Army Officials Working on Proposal That Could Lead to Electric JLTVs

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Soldiers learn about maintenance of the JLTVs the command took possession of in August, 2019.
Soldiers from the U.S. Army Joint Modernization Command learn about maintenance of the 11 Joint Light Tactical Vehicles the command took possession of in August, 2019. (U.S. Army/Jonathan Koester)

The U.S. Army may need to start converting its wheeled fleet, including the Joint Light Tactical Vehicle, to run on electric engines in the next decade, according to the general in charge of future force design.

Vehicle designers at Tesla Inc. in Palo Alto, California, have already shown that electric motor technology can be scaled up to run vehicles the size of the JLTV and larger, Lt. Gen. Eric Wesley, deputy commander of Army Futures Command and director of the Futures and Concepts Center, told defense reporters Tuesday.

"The technology to power a vehicle of that weight exists today," he said. "If it exists now, you can anticipate that we are going to have to transition some of this stuff in the next 10 years."

Related: Here's Why the Army Is Buying Fewer JLTVs Next Year

Wesley is leading an effort to write a proposal, set to be published in early summer, that lays out a path for overcoming the challenges the Army would face if it transitions from internal-combustion engines to electric-powered vehicles.

Such an undertaking, however, would not be easy for an organization as large as the Army, he said.

"The issue is not whether we can build hybrid vehicles -- that's easy," said Wesley, describing how it's simple for people to buy a Tesla vehicle without drastically changing their way of life.

"The Army has to look at this bigger, because we have to look at the entire supply chain, which is why you haven't seen a lot of movement on this in the past," he said. "But as you can see, the entire automotive industry is migrating toward this idea of electrification, and there [are] a lot of good reasons for it."

If the automotive industry "goes to electrification, the supply source for internal combustion engine parts is going to go down and therefore prices are going to go up," Wesley said.

Transporting fuel for vehicles in wartime is also a huge undertaking for the Army.

"The main supply routes that we have to protect in a given theater and the ability to move fuel, it really takes combat power away from the battlefield," Wesley said.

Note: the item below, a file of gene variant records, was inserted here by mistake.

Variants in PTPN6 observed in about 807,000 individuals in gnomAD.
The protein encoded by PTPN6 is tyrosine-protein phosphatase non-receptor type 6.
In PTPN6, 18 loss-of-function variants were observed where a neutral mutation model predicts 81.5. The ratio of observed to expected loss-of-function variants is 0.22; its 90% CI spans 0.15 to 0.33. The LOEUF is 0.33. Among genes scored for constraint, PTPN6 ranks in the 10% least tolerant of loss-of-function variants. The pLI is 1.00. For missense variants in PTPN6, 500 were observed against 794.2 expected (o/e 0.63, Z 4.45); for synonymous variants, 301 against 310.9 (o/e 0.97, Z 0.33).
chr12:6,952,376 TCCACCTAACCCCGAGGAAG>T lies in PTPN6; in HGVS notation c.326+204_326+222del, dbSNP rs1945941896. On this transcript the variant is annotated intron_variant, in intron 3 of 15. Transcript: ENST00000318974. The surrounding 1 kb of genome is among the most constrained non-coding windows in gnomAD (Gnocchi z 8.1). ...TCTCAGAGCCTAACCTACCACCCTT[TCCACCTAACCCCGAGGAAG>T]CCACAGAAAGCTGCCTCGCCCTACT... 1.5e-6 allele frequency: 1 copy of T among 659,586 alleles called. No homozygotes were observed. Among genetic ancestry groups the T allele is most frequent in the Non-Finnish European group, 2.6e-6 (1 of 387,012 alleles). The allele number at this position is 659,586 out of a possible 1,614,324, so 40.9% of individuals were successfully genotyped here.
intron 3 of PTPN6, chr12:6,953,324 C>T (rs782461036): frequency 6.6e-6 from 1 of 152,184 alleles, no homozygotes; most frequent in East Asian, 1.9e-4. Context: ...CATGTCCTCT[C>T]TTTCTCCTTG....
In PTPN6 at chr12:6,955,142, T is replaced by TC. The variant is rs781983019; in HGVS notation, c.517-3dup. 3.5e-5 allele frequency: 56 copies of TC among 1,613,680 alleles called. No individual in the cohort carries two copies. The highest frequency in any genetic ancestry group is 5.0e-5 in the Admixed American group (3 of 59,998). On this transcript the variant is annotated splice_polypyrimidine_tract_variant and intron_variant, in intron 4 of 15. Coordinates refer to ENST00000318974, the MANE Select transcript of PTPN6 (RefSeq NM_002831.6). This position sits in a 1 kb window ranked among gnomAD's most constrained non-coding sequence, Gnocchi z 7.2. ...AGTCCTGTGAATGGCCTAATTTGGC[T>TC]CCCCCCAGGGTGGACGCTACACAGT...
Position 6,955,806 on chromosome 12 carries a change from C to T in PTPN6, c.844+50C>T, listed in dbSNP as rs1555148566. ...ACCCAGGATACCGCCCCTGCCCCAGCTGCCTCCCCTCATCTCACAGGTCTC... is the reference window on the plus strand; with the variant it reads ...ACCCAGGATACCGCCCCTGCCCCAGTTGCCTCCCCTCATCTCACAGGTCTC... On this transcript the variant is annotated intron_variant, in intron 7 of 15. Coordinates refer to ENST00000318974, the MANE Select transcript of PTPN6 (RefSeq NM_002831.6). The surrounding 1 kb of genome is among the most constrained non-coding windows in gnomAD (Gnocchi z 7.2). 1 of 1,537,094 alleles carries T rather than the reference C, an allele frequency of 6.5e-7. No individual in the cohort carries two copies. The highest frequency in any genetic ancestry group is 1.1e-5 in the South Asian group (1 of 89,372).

Electric engines would also be simpler to maintain and create less of a burden on the supply chain, he said.

"The number of parts associated with electric vehicles is in the dozens," he said. "If you count the number of moving parts in an internal combustion engine, it's in the thousands. So, if you are talking about a logistic supply line, you have to carry fewer parts."

One of the biggest challenges for the Army would be figuring out a way to dependably recharge electric vehicles anywhere on the battlefield, Wesley said. "We can't just go buy an electric vehicle; we have to look at the supply chain, so how are you going to have sources for charging?"

This is a bigger problem for the Army than for any corporation or private family, he said. "You have to have a means to move the energy and generate the energy at the right time and place."

Currently, the Pentagon is looking at ways to make alternative fuel options organic to its formations, he added.

"Technology tells us that safe, mobile nuclear power plants -- for example, that is something that goes on the back of a truck -- is something that is realistic," Wesley said.

It will likely be a long time, however, before electric motor technology can reliably power heavy combat vehicles such as the Next Generation Combat Vehicle -- a top Army modernization priority that is being developed to replace the Bradley fighting vehicle, he said.

"Right now, we don't see the technology on the near-term horizon being able to power heavy vehicles; it's just too much of a drain on the battery," he explained.

But Wesley said the Army may have to make a decision in the next decade to transition its wheeled vehicles to electric motor technology.

"If that is true, then we have to have a transition plan for the Army to move in that direction. It should include a very detailed strategy and step-by-step pathways," he said. "If we can reduce the fossil-fuel consumption by transitioning our wheeled vehicles on a horizon that we can see ... it wouldn't be prudent not to consider that and have a plan to do so."

-- Matthew Cox can be reached at matthew.cox@military.com.

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